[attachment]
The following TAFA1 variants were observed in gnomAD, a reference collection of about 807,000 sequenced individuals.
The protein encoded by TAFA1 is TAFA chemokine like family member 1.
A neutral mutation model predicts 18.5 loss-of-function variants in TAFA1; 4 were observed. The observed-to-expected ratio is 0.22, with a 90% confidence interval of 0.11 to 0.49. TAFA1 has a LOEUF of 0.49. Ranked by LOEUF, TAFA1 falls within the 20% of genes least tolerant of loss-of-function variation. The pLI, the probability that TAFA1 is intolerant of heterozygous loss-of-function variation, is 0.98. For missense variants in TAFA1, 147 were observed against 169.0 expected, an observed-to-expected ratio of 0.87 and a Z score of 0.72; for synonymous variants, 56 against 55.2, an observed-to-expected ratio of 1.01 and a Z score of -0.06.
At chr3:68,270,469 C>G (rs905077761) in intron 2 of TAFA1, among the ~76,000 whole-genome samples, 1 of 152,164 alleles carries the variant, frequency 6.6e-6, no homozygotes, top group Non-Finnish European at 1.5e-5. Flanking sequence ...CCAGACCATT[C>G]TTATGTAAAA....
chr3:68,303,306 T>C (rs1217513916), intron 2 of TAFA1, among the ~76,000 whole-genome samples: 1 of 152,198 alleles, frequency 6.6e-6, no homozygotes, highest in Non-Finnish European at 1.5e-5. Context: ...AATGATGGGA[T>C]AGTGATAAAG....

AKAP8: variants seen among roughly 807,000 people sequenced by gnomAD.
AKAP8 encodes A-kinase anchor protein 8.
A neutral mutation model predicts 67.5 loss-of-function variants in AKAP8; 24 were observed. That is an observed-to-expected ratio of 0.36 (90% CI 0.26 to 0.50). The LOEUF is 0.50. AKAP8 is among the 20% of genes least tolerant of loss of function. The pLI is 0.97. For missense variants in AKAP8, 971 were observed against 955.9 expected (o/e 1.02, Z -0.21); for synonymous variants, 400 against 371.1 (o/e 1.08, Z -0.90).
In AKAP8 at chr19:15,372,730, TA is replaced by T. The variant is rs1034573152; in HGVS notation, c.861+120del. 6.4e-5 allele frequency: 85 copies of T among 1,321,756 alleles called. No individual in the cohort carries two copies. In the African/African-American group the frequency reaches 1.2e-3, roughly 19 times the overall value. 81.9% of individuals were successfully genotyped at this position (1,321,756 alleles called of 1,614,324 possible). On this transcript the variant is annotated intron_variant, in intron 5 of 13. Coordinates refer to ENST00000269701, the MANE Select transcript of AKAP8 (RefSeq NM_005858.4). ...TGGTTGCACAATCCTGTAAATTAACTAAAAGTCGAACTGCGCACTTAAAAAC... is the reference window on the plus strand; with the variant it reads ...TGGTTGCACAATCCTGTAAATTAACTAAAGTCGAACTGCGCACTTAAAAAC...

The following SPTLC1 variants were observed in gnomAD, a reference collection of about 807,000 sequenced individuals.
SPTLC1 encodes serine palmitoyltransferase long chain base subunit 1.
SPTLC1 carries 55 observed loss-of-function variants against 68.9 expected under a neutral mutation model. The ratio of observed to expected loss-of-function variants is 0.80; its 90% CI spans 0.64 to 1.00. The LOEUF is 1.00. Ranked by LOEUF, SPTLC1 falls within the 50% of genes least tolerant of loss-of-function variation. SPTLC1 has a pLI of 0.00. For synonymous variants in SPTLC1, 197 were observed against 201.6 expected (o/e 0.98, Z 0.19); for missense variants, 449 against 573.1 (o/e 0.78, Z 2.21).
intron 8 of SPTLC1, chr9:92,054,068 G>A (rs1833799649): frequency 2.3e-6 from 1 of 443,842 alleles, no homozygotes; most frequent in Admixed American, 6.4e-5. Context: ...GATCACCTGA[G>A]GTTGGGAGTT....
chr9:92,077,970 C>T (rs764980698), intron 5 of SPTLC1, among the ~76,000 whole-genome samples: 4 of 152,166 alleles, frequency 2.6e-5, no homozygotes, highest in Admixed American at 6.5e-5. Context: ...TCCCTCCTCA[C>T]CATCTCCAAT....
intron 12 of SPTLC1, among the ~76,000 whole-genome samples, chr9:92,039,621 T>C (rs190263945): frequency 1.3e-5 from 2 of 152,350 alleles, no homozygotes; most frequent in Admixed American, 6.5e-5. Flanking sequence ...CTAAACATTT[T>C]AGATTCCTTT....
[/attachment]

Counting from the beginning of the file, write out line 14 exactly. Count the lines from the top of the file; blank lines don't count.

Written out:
chr9:92,077,970 C>T (rs764980698), intron 5 of SPTLC1, among the ~76,000 whole-genome samples: 4 of 152,166 alleles, frequency 2.6e-5, no homozygotes, highest in Admixed American at 6.5e-5. Context: ...TCCCTCCTCA[C>T]CATCTCCAAT....